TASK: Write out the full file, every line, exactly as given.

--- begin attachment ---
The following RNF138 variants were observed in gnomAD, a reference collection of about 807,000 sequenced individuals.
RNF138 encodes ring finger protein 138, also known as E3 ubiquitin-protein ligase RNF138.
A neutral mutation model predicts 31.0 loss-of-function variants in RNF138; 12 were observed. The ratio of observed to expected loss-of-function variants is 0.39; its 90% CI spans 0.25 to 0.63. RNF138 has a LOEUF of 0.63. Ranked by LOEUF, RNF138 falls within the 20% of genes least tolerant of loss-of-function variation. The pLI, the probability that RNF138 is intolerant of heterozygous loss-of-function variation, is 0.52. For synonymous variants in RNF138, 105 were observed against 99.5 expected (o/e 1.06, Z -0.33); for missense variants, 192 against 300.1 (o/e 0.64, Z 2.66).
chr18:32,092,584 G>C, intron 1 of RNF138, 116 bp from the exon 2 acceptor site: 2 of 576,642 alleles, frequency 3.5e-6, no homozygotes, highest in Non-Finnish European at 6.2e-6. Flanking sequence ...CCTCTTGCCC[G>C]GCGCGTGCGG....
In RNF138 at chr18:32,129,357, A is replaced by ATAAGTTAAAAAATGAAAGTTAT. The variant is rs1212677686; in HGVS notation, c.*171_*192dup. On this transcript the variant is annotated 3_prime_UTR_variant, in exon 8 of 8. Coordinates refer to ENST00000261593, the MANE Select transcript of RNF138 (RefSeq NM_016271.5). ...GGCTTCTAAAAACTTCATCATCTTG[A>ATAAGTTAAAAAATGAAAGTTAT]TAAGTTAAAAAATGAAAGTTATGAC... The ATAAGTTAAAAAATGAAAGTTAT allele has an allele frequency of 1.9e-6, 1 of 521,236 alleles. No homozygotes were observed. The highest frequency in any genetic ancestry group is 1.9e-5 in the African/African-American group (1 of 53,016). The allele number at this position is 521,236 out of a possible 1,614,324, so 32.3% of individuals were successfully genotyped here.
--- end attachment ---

The following RNF138 variants were observed in gnomAD, a reference collection of about 807,000 sequenced individuals.
RNF138 encodes ring finger protein 138, also known as E3 ubiquitin-protein ligase RNF138.
A neutral mutation model predicts 31.0 loss-of-function variants in RNF138; 12 were observed. The ratio of observed to expected loss-of-function variants is 0.39; its 90% CI spans 0.25 to 0.63. RNF138 has a LOEUF of 0.63. Ranked by LOEUF, RNF138 falls within the 20% of genes least tolerant of loss-of-function variation. The pLI, the probability that RNF138 is intolerant of heterozygous loss-of-function variation, is 0.52. For synonymous variants in RNF138, 105 were observed against 99.5 expected (o/e 1.06, Z -0.33); for missense variants, 192 against 300.1 (o/e 0.64, Z 2.66).
chr18:32,092,584 G>C, intron 1 of RNF138, 116 bp from the exon 2 acceptor site: 2 of 576,642 alleles, frequency 3.5e-6, no homozygotes, highest in Non-Finnish European at 6.2e-6. Flanking sequence ...CCTCTTGCCC[G>C]GCGCGTGCGG....
In RNF138 at chr18:32,129,357, A is replaced by ATAAGTTAAAAAATGAAAGTTAT. The variant is rs1212677686; in HGVS notation, c.*171_*192dup. On this transcript the variant is annotated 3_prime_UTR_variant, in exon 8 of 8. Coordinates refer to ENST00000261593, the MANE Select transcript of RNF138 (RefSeq NM_016271.5). ...GGCTTCTAAAAACTTCATCATCTTG[A>ATAAGTTAAAAAATGAAAGTTAT]TAAGTTAAAAAATGAAAGTTATGAC... The ATAAGTTAAAAAATGAAAGTTAT allele has an allele frequency of 1.9e-6, 1 of 521,236 alleles. No homozygotes were observed. The highest frequency in any genetic ancestry group is 1.9e-5 in the African/African-American group (1 of 53,016). The allele number at this position is 521,236 out of a possible 1,614,324, so 32.3% of individuals were successfully genotyped here.